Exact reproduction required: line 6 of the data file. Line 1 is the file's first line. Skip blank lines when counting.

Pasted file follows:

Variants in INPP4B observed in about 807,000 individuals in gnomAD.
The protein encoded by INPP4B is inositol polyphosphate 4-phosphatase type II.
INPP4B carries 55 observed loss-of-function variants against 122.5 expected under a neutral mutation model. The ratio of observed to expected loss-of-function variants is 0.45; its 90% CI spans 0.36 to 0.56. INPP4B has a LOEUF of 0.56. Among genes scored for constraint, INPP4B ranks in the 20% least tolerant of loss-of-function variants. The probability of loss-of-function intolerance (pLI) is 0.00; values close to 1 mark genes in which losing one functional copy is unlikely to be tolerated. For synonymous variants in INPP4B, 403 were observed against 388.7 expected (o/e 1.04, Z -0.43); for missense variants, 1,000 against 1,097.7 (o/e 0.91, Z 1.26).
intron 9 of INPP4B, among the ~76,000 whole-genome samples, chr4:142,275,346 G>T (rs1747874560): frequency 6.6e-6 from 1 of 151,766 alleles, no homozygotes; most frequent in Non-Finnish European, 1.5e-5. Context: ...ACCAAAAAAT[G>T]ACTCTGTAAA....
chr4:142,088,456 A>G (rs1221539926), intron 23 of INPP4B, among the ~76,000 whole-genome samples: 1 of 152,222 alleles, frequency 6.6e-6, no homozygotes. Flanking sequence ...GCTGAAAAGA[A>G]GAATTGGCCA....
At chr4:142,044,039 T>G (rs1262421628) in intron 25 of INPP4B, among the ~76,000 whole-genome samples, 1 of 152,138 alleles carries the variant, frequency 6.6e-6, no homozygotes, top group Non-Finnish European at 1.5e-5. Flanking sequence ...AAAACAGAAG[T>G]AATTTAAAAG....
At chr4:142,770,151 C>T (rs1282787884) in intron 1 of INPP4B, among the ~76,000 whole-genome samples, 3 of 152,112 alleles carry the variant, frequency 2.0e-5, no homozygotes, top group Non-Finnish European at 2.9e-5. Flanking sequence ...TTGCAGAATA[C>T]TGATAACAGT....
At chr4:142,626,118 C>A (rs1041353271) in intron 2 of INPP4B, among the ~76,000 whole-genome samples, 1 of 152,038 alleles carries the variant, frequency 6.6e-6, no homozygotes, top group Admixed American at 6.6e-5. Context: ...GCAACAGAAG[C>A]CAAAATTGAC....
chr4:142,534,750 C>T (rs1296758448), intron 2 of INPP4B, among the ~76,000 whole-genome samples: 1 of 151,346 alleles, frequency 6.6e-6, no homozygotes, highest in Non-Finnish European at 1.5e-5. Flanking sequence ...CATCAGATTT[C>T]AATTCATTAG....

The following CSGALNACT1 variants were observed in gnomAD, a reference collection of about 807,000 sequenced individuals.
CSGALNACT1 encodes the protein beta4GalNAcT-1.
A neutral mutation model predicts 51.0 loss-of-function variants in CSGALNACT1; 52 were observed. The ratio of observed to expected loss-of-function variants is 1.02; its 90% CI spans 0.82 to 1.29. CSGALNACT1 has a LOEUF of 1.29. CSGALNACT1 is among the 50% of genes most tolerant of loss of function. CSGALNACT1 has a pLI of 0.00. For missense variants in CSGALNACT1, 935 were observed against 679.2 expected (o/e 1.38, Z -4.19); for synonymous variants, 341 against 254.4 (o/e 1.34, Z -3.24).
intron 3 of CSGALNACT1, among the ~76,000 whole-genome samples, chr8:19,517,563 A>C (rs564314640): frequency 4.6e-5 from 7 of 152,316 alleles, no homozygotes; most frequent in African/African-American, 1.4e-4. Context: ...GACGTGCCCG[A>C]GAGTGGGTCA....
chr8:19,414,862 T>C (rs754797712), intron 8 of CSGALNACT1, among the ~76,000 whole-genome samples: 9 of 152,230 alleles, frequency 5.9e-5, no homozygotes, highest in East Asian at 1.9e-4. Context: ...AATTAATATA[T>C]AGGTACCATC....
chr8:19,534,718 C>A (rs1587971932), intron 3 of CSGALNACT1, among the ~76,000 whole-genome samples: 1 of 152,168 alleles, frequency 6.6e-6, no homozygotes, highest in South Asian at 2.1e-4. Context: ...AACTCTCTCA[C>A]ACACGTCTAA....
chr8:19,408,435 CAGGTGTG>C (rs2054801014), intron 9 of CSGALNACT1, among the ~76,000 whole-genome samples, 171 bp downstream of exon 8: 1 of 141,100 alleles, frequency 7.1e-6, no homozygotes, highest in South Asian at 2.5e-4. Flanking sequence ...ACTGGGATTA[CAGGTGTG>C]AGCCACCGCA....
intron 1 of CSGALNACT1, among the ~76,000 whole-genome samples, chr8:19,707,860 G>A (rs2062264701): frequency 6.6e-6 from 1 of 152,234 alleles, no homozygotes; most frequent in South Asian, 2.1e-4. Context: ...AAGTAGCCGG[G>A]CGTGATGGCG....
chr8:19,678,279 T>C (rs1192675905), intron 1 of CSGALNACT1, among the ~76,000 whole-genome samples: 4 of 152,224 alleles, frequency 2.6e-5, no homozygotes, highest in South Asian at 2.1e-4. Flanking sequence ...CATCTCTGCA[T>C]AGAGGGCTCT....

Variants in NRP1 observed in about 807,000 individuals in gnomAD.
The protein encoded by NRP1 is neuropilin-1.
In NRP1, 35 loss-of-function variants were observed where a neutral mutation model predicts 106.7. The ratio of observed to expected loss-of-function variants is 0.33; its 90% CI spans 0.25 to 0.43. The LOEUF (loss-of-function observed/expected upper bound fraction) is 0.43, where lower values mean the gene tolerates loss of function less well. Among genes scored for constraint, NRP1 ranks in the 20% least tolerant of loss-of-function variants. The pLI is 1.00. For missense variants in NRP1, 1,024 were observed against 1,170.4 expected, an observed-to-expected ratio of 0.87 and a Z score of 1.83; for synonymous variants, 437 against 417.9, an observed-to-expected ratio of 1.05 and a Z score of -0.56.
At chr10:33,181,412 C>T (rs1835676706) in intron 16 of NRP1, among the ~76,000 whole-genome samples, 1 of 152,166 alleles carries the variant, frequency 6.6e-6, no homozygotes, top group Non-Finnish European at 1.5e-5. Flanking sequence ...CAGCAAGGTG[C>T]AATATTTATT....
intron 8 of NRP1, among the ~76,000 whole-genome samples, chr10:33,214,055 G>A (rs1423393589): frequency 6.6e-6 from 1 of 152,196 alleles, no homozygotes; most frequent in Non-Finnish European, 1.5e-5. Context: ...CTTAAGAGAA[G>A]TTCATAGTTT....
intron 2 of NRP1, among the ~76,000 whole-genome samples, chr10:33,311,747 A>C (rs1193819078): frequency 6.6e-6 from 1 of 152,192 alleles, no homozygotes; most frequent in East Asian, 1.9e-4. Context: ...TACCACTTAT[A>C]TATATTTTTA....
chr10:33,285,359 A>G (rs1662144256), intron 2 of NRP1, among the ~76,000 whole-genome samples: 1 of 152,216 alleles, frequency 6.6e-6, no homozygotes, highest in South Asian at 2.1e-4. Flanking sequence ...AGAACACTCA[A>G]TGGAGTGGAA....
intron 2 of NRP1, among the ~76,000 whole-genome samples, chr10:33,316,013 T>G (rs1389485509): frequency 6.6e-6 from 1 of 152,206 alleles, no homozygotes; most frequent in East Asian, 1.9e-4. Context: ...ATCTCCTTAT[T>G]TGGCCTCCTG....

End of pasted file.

At chr4:142,044,039 T>G (rs1262421628) in intron 25 of INPP4B, among the ~76,000 whole-genome samples, 1 of 152,138 alleles carries the variant, frequency 6.6e-6, no homozygotes, top group Non-Finnish European at 1.5e-5. Flanking sequence ...AAAACAGAAG[T>G]AATTTAAAAG....